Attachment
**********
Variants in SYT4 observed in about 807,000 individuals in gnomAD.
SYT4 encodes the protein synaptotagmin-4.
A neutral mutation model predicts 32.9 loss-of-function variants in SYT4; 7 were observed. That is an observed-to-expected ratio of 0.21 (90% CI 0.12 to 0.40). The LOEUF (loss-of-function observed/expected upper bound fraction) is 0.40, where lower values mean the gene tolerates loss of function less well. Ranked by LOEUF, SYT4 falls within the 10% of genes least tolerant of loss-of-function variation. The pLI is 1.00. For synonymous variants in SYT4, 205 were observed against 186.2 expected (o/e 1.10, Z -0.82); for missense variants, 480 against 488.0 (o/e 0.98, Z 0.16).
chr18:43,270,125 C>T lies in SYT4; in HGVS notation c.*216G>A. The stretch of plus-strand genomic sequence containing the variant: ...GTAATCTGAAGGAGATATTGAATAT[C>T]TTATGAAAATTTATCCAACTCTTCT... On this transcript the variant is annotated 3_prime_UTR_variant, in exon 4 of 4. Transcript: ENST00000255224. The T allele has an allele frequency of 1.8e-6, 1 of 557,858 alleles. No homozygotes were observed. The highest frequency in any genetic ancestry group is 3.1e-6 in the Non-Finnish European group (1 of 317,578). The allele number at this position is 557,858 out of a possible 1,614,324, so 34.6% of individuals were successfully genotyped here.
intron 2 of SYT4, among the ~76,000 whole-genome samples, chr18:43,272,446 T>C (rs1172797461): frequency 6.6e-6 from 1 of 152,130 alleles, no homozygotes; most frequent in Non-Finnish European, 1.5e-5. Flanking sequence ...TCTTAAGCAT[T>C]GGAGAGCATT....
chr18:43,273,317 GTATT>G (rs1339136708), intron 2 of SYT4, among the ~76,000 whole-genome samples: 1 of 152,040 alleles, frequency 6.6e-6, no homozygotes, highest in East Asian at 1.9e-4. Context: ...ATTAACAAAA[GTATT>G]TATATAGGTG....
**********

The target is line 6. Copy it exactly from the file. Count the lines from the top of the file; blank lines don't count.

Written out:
chr18:43,273,317 GTATT>G (rs1339136708), intron 2 of SYT4, among the ~76,000 whole-genome samples: 1 of 152,040 alleles, frequency 6.6e-6, no homozygotes, highest in East Asian at 1.9e-4. Context: ...ATTAACAAAA[GTATT>G]TATATAGGTG....